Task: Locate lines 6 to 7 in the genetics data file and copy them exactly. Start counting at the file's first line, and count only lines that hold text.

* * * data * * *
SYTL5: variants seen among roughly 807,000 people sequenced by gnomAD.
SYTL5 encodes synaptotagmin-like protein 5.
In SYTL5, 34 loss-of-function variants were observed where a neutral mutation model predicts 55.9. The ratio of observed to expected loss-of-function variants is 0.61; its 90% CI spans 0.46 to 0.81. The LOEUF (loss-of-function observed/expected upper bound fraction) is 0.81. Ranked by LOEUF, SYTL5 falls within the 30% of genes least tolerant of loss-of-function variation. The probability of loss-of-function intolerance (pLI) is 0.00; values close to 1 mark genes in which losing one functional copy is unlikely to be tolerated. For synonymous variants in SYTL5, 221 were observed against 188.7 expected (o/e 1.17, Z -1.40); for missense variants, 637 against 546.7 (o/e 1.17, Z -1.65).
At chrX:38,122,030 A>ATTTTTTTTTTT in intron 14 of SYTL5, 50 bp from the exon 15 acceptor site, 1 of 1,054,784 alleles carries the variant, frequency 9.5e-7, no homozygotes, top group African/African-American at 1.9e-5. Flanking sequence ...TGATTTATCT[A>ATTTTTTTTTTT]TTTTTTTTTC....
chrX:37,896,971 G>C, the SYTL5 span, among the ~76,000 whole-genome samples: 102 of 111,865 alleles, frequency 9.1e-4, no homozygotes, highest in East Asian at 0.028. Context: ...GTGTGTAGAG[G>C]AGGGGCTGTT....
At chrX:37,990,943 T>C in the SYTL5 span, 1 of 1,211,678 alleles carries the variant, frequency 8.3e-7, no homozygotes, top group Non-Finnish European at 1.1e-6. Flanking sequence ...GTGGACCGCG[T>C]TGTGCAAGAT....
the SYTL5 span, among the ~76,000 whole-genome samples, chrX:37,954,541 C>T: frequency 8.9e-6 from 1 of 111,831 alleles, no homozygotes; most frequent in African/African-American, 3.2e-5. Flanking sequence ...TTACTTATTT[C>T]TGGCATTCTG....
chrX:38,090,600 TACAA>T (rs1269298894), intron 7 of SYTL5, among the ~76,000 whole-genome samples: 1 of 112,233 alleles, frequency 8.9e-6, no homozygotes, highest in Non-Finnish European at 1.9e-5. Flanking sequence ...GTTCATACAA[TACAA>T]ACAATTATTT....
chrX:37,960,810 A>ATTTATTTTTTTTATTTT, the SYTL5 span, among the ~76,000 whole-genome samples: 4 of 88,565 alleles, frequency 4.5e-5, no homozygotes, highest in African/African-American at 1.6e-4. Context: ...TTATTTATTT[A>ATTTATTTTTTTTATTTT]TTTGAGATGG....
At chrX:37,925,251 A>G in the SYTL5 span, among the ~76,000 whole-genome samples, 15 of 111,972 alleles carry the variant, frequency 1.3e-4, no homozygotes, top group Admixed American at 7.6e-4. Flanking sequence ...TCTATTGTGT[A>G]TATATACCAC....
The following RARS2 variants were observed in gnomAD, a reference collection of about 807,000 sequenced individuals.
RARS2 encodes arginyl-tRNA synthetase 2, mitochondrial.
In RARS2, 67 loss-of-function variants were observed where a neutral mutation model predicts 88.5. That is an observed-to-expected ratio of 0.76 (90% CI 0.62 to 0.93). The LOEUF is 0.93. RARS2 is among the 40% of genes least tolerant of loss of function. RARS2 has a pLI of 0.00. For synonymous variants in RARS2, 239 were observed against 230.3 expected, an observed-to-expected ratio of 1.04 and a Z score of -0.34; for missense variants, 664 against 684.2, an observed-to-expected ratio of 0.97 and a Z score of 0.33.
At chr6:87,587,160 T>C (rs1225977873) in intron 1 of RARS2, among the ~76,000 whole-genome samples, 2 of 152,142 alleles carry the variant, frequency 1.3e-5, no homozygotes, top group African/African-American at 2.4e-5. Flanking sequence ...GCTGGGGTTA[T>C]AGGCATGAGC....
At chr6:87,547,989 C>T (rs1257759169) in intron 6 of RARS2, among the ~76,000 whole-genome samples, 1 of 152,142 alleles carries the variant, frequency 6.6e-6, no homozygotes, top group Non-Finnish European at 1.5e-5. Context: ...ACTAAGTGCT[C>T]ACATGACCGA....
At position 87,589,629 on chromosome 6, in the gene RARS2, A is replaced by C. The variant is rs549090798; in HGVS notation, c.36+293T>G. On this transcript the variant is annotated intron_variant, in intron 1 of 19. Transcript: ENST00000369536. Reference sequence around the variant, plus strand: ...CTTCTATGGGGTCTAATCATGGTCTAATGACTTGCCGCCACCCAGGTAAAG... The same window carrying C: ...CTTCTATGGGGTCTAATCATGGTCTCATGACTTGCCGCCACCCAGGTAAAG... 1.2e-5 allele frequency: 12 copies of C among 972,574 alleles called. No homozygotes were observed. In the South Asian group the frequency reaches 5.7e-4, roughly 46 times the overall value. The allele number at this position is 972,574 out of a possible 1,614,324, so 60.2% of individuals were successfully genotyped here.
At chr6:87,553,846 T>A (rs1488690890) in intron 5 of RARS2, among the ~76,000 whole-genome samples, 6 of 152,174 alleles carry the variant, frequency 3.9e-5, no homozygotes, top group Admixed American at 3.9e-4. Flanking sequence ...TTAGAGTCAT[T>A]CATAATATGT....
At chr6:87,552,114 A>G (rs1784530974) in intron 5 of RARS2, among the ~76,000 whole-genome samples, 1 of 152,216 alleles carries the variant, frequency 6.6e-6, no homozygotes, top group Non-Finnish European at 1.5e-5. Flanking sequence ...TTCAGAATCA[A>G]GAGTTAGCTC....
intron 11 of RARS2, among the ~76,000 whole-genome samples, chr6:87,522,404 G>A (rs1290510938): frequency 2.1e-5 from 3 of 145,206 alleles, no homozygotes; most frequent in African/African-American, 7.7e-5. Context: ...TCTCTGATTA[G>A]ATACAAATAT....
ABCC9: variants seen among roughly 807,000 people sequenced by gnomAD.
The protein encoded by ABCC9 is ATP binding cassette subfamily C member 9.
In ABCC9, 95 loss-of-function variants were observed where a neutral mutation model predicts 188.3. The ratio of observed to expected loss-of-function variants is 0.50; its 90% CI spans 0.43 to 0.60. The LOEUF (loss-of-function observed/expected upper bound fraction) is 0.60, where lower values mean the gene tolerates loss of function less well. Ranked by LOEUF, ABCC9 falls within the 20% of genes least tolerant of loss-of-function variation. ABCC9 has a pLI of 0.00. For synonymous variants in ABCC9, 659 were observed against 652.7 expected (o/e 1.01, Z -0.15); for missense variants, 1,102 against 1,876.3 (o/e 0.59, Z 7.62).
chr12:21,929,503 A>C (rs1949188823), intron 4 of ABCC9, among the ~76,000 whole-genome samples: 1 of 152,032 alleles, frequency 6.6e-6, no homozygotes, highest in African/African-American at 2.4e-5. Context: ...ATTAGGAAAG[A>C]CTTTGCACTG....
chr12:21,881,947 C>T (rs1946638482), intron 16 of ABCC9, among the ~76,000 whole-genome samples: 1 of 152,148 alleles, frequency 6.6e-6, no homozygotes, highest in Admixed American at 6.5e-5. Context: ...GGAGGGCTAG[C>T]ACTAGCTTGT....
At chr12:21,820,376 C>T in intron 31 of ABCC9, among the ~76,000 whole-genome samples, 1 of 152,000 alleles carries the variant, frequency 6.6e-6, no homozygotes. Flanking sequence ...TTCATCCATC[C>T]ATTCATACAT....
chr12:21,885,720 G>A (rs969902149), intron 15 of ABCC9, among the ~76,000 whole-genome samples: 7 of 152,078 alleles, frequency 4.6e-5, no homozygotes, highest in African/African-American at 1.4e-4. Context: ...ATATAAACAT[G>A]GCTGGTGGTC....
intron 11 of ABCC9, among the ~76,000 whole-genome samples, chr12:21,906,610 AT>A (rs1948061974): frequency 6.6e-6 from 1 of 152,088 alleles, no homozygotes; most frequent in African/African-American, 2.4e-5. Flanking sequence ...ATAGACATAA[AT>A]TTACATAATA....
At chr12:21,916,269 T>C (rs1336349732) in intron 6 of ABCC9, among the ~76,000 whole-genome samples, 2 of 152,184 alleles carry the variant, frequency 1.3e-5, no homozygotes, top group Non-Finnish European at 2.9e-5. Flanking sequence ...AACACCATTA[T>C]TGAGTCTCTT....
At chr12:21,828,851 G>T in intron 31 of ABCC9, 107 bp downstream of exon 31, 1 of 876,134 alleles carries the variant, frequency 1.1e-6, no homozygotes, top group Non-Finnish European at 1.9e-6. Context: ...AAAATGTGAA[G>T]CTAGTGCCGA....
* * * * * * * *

At chrX:37,990,943 T>C in the SYTL5 span, 1 of 1,211,678 alleles carries the variant, frequency 8.3e-7, no homozygotes, top group Non-Finnish European at 1.1e-6. Flanking sequence ...GTGGACCGCG[T>C]TGTGCAAGAT....
the SYTL5 span, among the ~76,000 whole-genome samples, chrX:37,954,541 C>T: frequency 8.9e-6 from 1 of 111,831 alleles, no homozygotes; most frequent in African/African-American, 3.2e-5. Flanking sequence ...TTACTTATTT[C>T]TGGCATTCTG....